Surety Bond Quarterly - Winter 2014 - (Page 33)

feature U.S. Customs and Border Protection to deploy eBond IN 1988 WhEN I started working in the customs surety industry, I was advised that the customs bond form, consisting of five parts, would become obsolete in a very short time because Customs and Border Protection (CBP) was planning to develop an electronic customs bond filing and acceptance system. That didn't happen. As all Chicago Cubs fans know, we have the philosophy "there's always next year." We can carry that over to electronic customs bonds as we've said the same for over 25 years. The only difference with this year is that we can actually say, "eBond will be deploying next year." In actuality, CBP will be deploying eBond on January 3, 2015. Why eBond - why now? The paper customs bond system is broken. In 2005, CBP improved the continuous bond filing system by centralizing the filing of continuous bonds with the Revenue Division in Indianapolis (previously, all continuous bonds were filed at the local port, subject to the port director's discretion). Centralized filing allowed CBP better oversight of bond sufficiency, reduced the number of execution errors on continuous bonds, and produced a more uniform system. Single transaction bonds (STBs), however, were not centralized, they continue to be filed at the port where the entry transaction is made. In 2011, the Department of Homeland Security Office of Inspector General performed an audit of the single transaction bonds on file with CBP and discovered that 65 percent of the STBs, having an aggregate liability of $8 billion, contained errors serious enough to make them uncollectible in the event of a claim. Think about it: if even 1 percent of those bonds had a claim, the government would BY COLLEEN CLARKE have been unable to collect $80 million! As taxpayers, we should be concerned about the potential for CBP's loss of revenue and its effect on the U.S. economy. It was concluded, based on the audit, that the only way to fix the broken STB system was to centralize the filing of STBs, much as CBP did for continuous bonds. CBP and the surety industry were faced with the monumental task of determining how to centralize the filing of 750,000 to one million STBs annually. During the 12th term of the Advisory Committee on Commercial Operations of Custom and Border Protection (COAC),1 a recommendation was NatioNal assoCiatioN of surety BoNd ProduCers | WWW.NASBP.ORG 33 http://WWW.NASBP.ORG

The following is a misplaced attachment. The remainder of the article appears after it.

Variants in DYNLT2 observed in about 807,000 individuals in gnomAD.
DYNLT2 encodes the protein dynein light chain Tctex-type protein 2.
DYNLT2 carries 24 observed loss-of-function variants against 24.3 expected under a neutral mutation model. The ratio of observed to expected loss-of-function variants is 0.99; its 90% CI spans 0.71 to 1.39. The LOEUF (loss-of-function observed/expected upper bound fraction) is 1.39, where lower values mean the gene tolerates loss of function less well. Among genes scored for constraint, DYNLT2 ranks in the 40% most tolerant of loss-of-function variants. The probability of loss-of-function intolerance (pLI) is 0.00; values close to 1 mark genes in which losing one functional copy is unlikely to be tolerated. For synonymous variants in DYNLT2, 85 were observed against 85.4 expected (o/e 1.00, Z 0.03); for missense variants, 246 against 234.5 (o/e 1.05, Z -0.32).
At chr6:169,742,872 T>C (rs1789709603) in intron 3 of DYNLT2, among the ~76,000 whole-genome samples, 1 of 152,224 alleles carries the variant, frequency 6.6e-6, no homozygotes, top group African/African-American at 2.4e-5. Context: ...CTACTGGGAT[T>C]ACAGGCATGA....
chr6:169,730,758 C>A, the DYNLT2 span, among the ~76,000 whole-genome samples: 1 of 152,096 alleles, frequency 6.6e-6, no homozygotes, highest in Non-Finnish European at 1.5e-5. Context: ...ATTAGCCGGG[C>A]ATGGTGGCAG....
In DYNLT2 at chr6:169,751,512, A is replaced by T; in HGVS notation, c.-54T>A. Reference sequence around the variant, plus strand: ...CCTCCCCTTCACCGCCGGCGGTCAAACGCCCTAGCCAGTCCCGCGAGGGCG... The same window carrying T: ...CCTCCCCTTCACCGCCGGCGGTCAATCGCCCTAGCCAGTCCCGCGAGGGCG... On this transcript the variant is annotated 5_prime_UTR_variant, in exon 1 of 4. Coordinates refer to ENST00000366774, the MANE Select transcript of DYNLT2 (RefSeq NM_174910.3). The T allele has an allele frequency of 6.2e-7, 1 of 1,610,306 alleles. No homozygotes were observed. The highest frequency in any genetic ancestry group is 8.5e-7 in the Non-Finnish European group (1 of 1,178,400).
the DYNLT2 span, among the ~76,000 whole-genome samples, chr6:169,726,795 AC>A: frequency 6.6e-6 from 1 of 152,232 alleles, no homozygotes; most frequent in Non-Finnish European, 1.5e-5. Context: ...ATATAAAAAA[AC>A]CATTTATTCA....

Table of Contents for the Digital Edition of Surety Bond Quarterly - Winter 2014

NASBP Upcoming Meetings
2014-2015 NASBP Executive Committee
From the CEO: Education is everywhere and in everything we do
Practical Insights: What You Need to Know-Lease Accounting, A new standard is coming
Surety Up North
Training the Next Generation of Surety Talent
EJCDC’s New P3 Document
The Top 10 Things Public Owners Should Know About Surety Bonds
What's a Construction Company's Most Valuable Asset?
NASBP Virtual Seminars
School’s Back!
New NASBP Resource: Information map of advocacy issues
Meetings in Photos
The Importance of Cracking the “WIP” Monthly
U.S. Customs and Border Protection to Deploy eBond
NASBP Outreach Continues Throughout the Year
Index to Advertisers

Surety Bond Quarterly - Winter 2014